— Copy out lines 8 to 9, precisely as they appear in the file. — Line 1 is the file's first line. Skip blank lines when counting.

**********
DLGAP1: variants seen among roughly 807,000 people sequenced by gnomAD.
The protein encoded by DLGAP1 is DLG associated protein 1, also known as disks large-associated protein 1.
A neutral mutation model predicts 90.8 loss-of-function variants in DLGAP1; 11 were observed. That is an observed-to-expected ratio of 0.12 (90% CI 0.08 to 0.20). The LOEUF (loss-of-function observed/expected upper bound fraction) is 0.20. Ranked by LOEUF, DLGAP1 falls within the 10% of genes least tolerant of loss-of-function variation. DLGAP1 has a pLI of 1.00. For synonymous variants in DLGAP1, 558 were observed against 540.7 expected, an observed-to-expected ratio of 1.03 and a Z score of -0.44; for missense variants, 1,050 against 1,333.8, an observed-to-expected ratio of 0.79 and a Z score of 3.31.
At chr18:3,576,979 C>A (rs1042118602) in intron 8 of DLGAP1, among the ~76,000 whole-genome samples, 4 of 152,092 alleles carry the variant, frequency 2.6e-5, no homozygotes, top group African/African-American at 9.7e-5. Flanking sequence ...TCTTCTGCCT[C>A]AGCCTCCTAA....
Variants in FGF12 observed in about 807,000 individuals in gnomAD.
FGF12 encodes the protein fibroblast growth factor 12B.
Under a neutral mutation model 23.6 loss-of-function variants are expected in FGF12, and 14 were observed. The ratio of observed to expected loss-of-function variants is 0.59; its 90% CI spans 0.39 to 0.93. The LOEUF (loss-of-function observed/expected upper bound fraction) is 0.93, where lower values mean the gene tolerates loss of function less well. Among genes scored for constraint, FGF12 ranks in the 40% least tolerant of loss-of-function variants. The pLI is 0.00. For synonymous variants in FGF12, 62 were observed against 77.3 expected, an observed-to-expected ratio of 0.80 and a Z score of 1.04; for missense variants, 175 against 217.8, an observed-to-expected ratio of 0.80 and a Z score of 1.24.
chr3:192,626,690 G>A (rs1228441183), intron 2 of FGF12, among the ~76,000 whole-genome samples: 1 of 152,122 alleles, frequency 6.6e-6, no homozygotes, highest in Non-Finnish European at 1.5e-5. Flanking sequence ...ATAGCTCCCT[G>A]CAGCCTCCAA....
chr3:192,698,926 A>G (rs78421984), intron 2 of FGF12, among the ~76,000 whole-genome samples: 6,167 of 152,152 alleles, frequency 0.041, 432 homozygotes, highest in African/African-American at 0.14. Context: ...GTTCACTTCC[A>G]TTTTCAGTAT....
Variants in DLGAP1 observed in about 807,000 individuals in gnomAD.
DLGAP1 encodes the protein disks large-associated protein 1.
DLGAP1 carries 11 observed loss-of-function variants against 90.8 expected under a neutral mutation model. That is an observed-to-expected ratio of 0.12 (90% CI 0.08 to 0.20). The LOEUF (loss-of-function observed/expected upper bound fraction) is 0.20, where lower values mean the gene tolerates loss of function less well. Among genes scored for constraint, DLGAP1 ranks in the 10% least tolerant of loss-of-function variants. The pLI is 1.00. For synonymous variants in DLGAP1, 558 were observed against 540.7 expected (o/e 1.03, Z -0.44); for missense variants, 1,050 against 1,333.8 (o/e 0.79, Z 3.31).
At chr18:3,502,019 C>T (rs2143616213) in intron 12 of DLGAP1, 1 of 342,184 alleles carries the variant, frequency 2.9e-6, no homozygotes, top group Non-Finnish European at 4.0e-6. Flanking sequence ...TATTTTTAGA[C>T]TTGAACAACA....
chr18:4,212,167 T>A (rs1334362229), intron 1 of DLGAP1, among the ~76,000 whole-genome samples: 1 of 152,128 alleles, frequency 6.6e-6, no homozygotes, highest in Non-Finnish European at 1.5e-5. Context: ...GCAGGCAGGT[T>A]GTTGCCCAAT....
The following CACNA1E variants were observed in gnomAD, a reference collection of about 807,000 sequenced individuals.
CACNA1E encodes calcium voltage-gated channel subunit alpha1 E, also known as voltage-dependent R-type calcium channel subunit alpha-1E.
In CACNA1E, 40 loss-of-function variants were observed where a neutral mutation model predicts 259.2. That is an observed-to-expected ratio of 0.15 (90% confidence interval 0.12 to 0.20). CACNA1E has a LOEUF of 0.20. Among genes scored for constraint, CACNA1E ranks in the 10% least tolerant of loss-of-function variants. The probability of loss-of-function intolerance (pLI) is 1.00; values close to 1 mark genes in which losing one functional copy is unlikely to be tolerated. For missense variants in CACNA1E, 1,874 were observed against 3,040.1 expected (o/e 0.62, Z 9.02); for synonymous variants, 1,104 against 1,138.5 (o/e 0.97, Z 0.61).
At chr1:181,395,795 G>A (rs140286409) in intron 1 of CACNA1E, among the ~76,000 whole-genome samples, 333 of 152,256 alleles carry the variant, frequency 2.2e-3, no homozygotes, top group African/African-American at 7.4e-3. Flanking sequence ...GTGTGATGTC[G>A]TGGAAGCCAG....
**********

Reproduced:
chr3:192,626,690 G>A (rs1228441183), intron 2 of FGF12, among the ~76,000 whole-genome samples: 1 of 152,122 alleles, frequency 6.6e-6, no homozygotes, highest in Non-Finnish European at 1.5e-5. Flanking sequence ...ATAGCTCCCT[G>A]CAGCCTCCAA....
chr3:192,698,926 A>G (rs78421984), intron 2 of FGF12, among the ~76,000 whole-genome samples: 6,167 of 152,152 alleles, frequency 0.041, 432 homozygotes, highest in African/African-American at 0.14. Context: ...GTTCACTTCC[A>G]TTTTCAGTAT....